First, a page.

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“Bite-Size Bits of Local, National, and Global History”
“Bite-Size Bits of Local, National, and Global History”
Lexington, Virginia — The American South (Mid-Atlantic)
 

Virginia Military Institute

 
 
Virginia Military Institute Marker image. Click for full size.
By Bill Coughlin, August 21, 2012
1. Virginia Military Institute Marker
Inscription. A state military, engineering and arts college, founded in 1839. Graduates of it have taken a prominent part in every war since the Mexican War, 2,000 of them serving in the World War. The cadets fought as a corps at New Market in 1864. Among the members of the faculty were Stonewall Jackson and the noted scientist Matthew F. Maury and John M. Brooke.
 
Erected 1939 by Virginia Conservation Commission. (Marker Number I-1.)
 
Location. 37° 47.387′ N, 79° 26.043′ W. Marker is in Lexington, Virginia. Marker is on the Letcher Avenue Incline just from North Main Street (Business U.S. 11), on the right when traveling north. Touch for map. It is in sight of the Crozet Monument, overlooking North Main Street. Marker is in this post office area: Lexington VA 24450, United States of America.
 
Other nearby markers. At least 8 other markers are within walking distance of this marker. Colonel Claudius Crozet (within shouting distance of this marker); George Washington (about 400 feet away, measured in a direct line); VMI World War II Memorial (about 400 feet away); Jackson’s Classroom (about 500 feet away); General Lemuel C. Shepherd Jr.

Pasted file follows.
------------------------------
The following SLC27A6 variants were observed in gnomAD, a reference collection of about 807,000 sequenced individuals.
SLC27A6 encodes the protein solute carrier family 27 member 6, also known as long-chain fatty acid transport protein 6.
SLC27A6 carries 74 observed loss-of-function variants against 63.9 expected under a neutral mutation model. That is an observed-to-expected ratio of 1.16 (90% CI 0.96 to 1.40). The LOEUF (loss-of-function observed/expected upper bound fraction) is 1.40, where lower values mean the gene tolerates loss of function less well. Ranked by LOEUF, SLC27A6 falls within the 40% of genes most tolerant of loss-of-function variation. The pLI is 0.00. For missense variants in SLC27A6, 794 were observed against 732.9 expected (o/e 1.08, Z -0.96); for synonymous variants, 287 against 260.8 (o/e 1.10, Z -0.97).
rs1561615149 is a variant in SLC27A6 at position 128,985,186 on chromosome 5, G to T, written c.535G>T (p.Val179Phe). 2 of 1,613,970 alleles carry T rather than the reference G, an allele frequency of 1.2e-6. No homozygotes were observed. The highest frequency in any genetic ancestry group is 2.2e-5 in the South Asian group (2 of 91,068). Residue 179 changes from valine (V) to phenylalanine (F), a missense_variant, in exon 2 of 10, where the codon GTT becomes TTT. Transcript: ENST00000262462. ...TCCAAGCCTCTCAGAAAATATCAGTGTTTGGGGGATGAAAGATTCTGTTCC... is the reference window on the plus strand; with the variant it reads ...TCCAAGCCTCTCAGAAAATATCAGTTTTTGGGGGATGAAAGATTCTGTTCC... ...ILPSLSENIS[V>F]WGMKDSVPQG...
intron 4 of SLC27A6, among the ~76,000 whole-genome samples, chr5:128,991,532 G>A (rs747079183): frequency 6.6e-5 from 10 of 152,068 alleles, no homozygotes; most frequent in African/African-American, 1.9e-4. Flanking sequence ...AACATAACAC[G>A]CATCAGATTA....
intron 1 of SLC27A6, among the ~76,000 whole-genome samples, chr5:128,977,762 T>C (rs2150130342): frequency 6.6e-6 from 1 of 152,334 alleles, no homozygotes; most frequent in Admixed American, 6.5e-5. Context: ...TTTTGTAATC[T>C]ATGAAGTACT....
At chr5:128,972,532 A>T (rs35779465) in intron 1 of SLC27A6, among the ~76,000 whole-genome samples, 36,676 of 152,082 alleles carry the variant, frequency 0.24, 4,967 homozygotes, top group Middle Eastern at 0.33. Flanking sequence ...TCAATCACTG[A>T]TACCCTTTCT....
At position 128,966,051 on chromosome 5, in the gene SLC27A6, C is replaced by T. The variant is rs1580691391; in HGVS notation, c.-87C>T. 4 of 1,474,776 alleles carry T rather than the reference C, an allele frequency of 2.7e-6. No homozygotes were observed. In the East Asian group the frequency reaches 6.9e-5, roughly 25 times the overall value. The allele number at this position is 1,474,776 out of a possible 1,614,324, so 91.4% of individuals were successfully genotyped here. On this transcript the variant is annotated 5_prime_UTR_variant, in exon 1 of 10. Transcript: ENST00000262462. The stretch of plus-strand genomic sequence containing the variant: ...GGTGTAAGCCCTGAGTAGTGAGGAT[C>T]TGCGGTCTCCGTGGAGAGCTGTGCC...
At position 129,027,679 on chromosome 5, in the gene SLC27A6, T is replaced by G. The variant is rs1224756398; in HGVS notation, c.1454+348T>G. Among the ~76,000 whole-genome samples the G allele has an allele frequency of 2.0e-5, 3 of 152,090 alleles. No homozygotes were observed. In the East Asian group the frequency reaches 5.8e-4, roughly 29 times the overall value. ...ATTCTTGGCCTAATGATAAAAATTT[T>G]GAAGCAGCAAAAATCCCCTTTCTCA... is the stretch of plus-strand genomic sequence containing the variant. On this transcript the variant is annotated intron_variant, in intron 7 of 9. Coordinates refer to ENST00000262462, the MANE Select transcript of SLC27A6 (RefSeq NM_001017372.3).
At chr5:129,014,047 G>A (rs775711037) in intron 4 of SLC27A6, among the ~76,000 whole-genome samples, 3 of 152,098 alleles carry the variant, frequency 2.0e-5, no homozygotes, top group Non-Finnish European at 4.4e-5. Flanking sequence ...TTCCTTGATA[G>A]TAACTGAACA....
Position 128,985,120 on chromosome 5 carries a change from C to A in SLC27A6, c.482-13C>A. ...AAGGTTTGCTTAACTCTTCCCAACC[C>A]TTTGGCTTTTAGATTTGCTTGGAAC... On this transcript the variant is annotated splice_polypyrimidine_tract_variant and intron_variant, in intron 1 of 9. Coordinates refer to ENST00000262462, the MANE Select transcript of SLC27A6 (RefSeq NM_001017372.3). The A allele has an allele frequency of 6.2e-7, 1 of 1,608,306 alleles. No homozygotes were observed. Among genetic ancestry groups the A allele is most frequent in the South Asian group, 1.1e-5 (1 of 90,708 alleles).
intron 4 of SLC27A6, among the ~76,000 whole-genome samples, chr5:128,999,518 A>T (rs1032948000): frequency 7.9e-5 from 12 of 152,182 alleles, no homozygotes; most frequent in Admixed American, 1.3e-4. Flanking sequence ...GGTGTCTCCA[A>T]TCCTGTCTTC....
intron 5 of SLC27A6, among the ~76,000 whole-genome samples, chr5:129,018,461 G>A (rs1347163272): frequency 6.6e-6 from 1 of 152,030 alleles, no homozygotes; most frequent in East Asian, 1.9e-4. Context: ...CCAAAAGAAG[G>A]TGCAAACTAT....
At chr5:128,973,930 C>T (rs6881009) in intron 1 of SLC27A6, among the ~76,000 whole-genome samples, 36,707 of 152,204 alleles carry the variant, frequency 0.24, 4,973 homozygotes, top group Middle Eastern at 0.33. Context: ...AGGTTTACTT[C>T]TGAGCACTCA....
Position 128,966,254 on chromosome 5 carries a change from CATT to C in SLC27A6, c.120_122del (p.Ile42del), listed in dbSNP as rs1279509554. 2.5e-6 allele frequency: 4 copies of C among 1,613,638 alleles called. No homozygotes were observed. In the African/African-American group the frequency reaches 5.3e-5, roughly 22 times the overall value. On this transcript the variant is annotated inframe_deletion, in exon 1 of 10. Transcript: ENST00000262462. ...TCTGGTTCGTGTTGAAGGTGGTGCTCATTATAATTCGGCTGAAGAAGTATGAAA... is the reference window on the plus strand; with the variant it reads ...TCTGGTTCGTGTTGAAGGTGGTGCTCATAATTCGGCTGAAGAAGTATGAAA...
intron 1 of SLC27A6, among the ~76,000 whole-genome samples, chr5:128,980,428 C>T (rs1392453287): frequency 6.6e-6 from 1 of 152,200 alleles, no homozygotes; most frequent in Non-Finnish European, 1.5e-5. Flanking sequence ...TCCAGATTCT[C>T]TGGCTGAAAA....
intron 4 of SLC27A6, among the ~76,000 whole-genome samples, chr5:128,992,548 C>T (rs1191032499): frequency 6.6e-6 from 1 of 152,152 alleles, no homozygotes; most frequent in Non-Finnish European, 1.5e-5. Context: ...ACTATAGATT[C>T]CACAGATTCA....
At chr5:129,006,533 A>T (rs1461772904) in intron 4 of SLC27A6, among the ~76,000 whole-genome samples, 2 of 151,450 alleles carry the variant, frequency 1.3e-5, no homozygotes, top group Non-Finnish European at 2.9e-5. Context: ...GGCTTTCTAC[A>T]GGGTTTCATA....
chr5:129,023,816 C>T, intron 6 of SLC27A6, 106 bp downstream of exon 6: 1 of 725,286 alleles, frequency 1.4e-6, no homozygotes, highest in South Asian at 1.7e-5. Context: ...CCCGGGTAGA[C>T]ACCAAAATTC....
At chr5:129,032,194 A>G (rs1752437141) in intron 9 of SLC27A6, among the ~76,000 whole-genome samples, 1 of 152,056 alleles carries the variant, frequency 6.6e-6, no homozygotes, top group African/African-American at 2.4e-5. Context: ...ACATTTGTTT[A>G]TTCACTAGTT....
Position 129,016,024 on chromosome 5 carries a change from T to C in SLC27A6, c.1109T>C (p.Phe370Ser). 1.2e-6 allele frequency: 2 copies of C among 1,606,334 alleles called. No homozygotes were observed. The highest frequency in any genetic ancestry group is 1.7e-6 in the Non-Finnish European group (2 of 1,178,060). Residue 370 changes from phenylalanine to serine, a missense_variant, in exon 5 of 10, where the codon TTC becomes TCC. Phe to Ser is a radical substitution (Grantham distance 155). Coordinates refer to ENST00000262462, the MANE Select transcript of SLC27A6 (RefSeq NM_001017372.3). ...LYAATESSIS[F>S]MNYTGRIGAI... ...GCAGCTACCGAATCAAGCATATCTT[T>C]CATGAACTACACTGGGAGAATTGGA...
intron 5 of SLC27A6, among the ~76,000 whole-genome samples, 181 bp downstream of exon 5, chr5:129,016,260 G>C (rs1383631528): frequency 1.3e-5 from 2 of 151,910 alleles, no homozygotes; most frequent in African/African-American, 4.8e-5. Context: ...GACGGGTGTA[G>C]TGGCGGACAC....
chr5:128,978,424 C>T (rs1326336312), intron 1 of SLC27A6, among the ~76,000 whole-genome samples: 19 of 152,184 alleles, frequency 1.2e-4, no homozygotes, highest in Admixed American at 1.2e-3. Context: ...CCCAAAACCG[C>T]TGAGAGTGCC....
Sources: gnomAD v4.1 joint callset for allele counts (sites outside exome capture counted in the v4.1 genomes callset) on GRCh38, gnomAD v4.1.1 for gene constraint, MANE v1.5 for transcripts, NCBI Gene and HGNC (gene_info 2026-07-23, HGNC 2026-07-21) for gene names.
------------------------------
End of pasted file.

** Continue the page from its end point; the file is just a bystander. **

Virginia Military Institute Marker image. Click for full size.
By J. J. Prats, September 18, 2011
2. Virginia Military Institute Marker
(about 600 feet away); Virginia Military Institute Historic District (about 600 feet away); Barracks     The Virginia Military Institute (about 600 feet away); Stonewall Jackson (about 600 feet away). Touch for a list and map of all markers in Lexington.
 
Also see . . .
1. Virginia Military Institute. Wikipedia entry. “VMI produced some of America’s most significant commanders in World War II. The most important of these was George C. Marshall, the top U.S. Army general during the war. Marshall was the Army’s first five-star general and the only career military officer ever to win the Nobel Peace Prize. Winston Churchill dubbed Marshall the ‘Architect of Victory’ and ‘the greatest Roman of them all.’ The Deputy Chief of Staff of the U.S. Army during the war was also a VMI graduate as were the Second U.S. Army commander, 15th U.S. Army commander, the commander of Allied Air Forces of the Southwest Pacific and various Corps and Division commanders in the Army and Marine Corps. China’s General Sun Li-jen, known as the ‘Rommel of the East,’ was also a graduate of the VMI.” (Submitted on December 11, 2011.) 

2. Stonewall Jackson. Wikipedia entry. “In the
Virginia Military Institute Marker image. Click for full size.
By J. J. Prats, September 18, 2011
3. Virginia Military Institute Marker
North Main Street (U.S. Business 11) is down the hill on the right. Stono Lane is on the left.